Former South African President Nelson Mandela has drawn praise from UNAIDS and local AIDS activists after disclosing that the death of his only surviving son on Thursday was AIDS-related.
The former president is one of a few southern African leaders, including former Zambian president Kenneth Kaunda, former South African home affairs minister Mangosuthu Buthelezi and Mandela's wife Graca Machel who have openly acknowledged the impact of HIV/AIDS on their families.
UNAIDS executive director Peter Piot said in a statement: "Mr Mandela's public acknowledgement that his son, Makgatho Mandela, had died from an AIDS-related illness is a demonstration of the practical leadership that Mr Mandela gives to the international efforts to fight stigma and discrimination."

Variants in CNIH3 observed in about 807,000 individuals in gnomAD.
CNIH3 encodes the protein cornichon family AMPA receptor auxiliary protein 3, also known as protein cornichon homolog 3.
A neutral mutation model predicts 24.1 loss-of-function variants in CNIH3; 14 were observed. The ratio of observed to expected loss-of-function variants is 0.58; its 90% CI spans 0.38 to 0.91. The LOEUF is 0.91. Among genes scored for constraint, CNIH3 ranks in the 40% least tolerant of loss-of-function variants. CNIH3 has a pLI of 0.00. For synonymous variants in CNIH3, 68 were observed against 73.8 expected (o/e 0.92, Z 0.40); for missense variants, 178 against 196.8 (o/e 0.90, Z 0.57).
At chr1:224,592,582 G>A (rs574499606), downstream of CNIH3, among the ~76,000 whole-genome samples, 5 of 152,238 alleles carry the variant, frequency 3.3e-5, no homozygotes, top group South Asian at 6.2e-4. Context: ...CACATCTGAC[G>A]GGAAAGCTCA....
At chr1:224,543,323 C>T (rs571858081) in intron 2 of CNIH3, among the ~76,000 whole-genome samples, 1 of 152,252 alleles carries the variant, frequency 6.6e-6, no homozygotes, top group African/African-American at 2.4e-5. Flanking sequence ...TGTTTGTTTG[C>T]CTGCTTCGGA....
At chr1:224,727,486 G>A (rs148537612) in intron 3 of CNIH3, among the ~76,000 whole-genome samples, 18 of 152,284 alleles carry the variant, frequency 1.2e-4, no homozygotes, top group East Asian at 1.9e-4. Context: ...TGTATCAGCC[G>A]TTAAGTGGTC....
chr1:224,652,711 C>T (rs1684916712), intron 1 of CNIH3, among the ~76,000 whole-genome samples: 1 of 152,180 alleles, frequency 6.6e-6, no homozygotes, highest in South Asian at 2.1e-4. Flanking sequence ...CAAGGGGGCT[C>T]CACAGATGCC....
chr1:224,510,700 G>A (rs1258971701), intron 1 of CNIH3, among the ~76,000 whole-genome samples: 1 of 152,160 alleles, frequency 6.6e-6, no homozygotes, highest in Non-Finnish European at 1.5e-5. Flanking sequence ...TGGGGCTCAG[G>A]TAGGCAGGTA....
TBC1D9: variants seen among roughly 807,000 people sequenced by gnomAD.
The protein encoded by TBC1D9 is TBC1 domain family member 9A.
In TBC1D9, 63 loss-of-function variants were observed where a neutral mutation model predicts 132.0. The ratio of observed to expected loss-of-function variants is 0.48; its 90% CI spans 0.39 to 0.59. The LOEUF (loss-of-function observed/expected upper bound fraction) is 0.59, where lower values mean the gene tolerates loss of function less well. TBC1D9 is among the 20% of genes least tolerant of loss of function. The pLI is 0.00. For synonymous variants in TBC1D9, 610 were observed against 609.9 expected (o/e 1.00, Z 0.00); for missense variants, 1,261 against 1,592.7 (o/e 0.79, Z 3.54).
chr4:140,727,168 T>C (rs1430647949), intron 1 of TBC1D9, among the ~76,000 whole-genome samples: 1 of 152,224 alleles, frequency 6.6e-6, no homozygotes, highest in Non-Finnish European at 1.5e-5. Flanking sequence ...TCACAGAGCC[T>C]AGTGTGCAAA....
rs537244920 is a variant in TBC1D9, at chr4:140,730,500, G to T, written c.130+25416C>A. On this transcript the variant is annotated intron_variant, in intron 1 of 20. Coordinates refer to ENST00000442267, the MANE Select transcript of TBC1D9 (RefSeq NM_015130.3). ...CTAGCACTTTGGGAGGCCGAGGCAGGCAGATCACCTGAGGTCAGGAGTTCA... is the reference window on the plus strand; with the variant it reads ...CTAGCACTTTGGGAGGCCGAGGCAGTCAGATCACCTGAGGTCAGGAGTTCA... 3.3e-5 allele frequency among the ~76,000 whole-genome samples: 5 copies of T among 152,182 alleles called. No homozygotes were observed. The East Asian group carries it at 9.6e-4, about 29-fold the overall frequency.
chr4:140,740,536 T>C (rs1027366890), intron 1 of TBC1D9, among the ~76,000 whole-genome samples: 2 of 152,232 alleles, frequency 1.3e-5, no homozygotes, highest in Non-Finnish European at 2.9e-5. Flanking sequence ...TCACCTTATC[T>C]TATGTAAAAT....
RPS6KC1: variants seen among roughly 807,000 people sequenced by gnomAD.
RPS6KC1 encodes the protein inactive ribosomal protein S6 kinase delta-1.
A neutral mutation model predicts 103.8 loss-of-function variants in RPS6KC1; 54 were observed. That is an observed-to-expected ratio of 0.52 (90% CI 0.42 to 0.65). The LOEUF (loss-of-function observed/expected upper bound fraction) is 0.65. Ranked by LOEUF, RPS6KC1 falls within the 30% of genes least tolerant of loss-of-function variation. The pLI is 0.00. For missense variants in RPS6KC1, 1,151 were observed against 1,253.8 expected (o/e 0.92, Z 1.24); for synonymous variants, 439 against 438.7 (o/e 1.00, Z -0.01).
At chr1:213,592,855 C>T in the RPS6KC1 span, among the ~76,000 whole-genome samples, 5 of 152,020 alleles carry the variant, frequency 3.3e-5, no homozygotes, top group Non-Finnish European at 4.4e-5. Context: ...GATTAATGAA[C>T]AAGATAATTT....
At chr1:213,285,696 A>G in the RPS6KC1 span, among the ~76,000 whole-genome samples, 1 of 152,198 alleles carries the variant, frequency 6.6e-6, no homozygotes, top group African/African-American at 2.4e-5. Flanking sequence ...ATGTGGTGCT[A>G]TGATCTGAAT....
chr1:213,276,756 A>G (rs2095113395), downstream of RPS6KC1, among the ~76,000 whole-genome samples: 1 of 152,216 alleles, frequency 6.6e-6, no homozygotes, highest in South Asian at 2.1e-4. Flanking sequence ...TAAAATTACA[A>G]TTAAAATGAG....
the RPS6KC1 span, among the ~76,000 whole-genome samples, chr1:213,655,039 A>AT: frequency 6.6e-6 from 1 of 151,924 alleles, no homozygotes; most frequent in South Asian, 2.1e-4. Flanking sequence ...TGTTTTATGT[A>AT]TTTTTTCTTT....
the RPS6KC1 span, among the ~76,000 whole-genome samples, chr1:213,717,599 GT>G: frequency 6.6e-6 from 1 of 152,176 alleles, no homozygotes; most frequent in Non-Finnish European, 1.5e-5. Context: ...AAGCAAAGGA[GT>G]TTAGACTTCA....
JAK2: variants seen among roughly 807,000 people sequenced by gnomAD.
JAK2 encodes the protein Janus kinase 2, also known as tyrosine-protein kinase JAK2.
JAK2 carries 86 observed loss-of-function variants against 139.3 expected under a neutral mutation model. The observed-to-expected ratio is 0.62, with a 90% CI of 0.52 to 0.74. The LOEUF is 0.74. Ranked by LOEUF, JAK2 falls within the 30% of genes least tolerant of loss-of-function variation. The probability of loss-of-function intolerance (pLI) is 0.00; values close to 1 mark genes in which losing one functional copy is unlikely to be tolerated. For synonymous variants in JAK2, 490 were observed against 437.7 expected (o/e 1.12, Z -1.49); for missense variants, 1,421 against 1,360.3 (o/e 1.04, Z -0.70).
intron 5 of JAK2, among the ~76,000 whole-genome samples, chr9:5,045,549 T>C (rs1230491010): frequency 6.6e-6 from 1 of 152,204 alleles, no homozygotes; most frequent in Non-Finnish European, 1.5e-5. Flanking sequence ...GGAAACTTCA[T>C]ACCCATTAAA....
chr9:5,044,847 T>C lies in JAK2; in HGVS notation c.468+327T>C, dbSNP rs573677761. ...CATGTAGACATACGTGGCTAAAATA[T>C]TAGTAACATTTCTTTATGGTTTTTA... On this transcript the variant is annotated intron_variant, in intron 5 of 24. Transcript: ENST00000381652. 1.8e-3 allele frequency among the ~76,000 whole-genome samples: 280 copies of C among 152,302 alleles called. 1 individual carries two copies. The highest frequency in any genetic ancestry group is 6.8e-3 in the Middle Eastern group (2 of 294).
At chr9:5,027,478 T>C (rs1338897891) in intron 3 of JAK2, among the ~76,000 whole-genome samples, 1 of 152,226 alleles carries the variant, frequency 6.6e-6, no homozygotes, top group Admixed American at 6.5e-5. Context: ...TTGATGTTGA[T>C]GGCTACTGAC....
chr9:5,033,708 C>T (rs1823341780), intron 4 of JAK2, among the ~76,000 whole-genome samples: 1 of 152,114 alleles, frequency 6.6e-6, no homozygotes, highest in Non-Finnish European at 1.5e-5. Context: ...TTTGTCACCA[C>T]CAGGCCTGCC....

Mandela told reporters that he had made public the cause of his son's death in order to focus more attention on HIV and AIDS.
Offering its condolences to the Mandela family, South African AIDS lobby group Treatment Action Campaign (TAC) said: "We salute [them] for their decision to disclose the cause of death in the national interest of raising awareness of HIV and destigmatising AIDS during a time of great personal pain and loss."
TAC said it hoped Mandela's announcement would encourage more people to be counselled, tested for HIV and, when necessary, treated.
"Makgatho's death is a tragic reminder, at the start of 2005, of the urgent challenges our country faces in HIV prevention and treatment in the interest of saving lives," the group added.
TAC has urged the ruling African National Congress to declare 2005 the year of HIV prevention and treatment.
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